Diehard Sins: A Brief Review

Diehard Sins: How to Fight Wisely against Destructive Daily Habits by [Witt, Rush] Here’s a newer and very good resource on fighting sin and growing in grace: Diehard Sins by Rush Witt.  I have to admit when I first got this book I wasn’t sure what to expect since I’ve read similar books on the topic – some good, some not so good.  This is one of the good ones!

There are three main parts: 1) Enter with Joy into Your Struggle against Daily Sin, 2) Understand the True Needs of Your Heart, and 3) Bring Christ and his Provisions to Your Fight.  The topics covered include a discussion of the nature of sin, what it means to struggle with sin, how to detect sin in your own life, and applying the gospel to the struggle with sin (among others).

I appreciate the book first because it is rooted in Scripture and very much grounded in the gospel.  Witt strikes a nice balance between resting in Christ and actively putting sin to death – you can only do the latter by doing the former.  A big picture summary of the book would probably be like this: How to fight sin by depending on Christ.  Since there is a proper law/gospel distinction, the book gives some helpful biblical lessons in fighting sin.

Another strength of the book is that Witt approaches the topic from a counseling perspective.  It’s not a counseling book specifically, but there are some counseling themes and, in my opinion, helpful wisdom on practical ways to put sin to death.  For example, one appendix is a brief outline to resisting temptation: Refuse, Replace, Pray, and Praise.

Finally, I appreciate how the author mentions that we fight sin best in the context of the body of Christ and the means of grace: the last chapter is called “Fighting Sin in the Community of Faith.”  This book isn’t a call to fight sin on our own, but to do it depending on grace while walking beside and with other believers.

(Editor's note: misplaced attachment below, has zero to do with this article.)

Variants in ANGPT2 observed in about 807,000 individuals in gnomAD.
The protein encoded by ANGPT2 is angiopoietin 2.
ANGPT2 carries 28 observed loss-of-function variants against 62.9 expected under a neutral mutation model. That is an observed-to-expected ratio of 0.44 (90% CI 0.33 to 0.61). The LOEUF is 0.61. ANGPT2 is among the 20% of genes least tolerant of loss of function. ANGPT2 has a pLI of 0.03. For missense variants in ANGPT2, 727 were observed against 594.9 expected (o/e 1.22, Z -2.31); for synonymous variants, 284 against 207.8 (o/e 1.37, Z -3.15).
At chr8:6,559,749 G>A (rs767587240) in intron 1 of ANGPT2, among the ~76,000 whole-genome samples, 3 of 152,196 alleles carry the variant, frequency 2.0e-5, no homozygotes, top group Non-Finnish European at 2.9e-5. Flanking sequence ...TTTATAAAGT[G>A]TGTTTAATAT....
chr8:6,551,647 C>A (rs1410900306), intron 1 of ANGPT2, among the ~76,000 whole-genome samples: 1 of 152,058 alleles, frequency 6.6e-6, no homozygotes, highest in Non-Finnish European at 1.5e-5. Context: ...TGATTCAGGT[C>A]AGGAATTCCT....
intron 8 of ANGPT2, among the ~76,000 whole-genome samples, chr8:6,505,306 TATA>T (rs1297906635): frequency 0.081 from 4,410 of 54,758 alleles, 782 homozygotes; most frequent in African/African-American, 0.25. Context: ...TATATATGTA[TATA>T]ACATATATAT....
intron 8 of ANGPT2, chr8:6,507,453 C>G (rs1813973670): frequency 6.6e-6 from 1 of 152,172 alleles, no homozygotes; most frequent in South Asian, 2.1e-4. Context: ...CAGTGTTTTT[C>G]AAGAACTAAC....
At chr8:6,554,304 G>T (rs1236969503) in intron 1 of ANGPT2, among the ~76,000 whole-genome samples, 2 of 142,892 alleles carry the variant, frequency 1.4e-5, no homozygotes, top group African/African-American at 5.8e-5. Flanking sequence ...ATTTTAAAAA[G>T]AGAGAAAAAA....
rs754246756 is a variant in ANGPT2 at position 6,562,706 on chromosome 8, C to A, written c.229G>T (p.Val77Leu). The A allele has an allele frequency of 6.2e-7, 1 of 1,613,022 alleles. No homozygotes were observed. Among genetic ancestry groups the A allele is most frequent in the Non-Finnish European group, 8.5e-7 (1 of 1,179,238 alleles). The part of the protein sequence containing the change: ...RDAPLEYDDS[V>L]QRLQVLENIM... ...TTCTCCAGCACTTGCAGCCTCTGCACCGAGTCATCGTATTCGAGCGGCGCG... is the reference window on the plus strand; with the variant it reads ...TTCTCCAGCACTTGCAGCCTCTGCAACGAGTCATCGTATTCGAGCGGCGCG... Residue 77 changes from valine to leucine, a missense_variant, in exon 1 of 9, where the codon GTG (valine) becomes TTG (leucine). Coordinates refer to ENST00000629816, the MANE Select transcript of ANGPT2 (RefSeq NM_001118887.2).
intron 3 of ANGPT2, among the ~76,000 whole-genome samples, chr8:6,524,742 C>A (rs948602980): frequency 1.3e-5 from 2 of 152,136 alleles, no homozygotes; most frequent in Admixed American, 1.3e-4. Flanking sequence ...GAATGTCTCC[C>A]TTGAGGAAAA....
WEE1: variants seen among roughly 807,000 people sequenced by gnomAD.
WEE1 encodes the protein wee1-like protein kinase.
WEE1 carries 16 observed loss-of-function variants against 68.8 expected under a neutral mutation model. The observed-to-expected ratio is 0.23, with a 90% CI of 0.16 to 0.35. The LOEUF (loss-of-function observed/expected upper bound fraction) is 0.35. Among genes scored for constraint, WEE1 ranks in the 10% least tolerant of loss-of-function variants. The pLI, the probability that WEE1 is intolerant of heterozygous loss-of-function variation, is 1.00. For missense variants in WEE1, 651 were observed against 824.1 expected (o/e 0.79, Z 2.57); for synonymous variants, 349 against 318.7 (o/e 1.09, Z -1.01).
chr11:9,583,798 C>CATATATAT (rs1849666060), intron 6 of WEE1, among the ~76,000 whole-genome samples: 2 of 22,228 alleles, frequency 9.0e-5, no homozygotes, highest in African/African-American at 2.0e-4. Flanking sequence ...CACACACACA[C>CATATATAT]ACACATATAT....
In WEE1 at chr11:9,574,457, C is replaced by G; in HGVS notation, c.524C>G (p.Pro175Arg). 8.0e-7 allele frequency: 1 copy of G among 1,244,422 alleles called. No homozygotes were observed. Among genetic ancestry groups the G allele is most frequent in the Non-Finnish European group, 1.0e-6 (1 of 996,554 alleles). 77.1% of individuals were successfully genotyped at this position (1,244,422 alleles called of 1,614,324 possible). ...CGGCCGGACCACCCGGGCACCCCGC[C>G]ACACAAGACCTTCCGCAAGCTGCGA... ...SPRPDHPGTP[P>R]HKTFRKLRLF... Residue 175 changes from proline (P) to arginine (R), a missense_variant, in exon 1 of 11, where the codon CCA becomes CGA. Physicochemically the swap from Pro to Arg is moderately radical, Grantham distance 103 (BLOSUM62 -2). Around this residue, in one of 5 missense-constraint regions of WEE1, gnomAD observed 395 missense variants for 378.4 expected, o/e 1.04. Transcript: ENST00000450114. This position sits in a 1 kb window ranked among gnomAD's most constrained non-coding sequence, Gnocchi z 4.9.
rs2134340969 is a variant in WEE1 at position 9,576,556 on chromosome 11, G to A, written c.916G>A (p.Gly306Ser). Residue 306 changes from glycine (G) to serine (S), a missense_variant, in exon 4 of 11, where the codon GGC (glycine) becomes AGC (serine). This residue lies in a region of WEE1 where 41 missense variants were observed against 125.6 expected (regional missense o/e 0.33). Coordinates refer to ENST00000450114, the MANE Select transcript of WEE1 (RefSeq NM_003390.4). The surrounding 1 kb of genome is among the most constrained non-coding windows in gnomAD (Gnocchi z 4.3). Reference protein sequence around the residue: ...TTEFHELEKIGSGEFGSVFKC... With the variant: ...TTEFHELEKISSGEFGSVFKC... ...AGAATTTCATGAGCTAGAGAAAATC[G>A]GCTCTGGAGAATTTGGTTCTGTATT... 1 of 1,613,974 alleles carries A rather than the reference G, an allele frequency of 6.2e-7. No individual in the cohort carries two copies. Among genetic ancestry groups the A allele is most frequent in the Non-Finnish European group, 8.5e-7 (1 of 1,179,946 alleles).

If you want a good resource on fighting sin, I very much recommend this one: Diehard Sins.  There are a few reflection questions after each chapter, so it would make a good group study or book club resource.  I’m glad I own this book, and I’ve already used it in my own ministry!

Rush Witt, Diehard Sins, (P&R Publishing, 2018).

(Note: The author kindly sent me a copy to review, although I was not compelled in any way to write a positive review.  If I didn’t like the book, I would’ve said so!)

Shane Lems
Hammond, WI, 54015

A Long List of Sins

Gospel for Real Life: Turn to the Liberating Power of the Cross... Every Day This is helpful in the area of sanctification, doubt, and the gospel:

“Accompanying our sincere desire to obey God will be a heightened sensitivity to our indwelling sin.  Often it is our increased awareness of sin that causes us to doubt our salvation or to give Satan an inroad into our minds to suggest that ‘a Christian wouldn’t sin like you do.’  But think about that accusation for a moment.  Satan would certainly not suggest such a thought to an unbeliever.  Rather, he wants unbelievers to be complacent about their sin.  So turn the tables on Satan and your own internal doubts.  Ask yourself if those accusations or doubts are not really a sign that you do trust Christ.”

“There is a story about Martin Luther, perhaps apocryphal, that in a dream he saw Satan standing before him with a long list of his sins.  Luther supposedly asked, ‘Is that all of them?’  to which Satan replied, ‘No, there are many more.’  Luther then said, ‘Put them all down and then write across the whole lot of them, “The blood of Jesus Christ cleanses me from all sin.”’

“Whether this story is true or not, it teaches us how to deal with doubts caused by our sin.  We are not to deny or minimize them.  Instead, we should take them to the cross and see Jesus bearing those sins for us.  That very act will motivate us to deal with those sins that are causing our doubts.”

Jerry Bridges, The Gospel for Real Life, p. 142.

shane lems
covenant presbyterian church (OPC)
hammond, wi

The Saint Struggling With Sin

[This is a repost from October, 2009.]  Yesterday I was contemplating Galatians 5.17  – For what the flesh desires is opposed to the Spirit, and what the Spirit desires is opposed to the flesh; for these are opposed to each other, to prevent you from doing what you want  (NRSV) – which brought me to Thomas Watson’s The Godly Man’s Picture.   Watson, in section 19 of the booklet, describes the saint who struggles with sin.  Here are a few of my favorite quotes.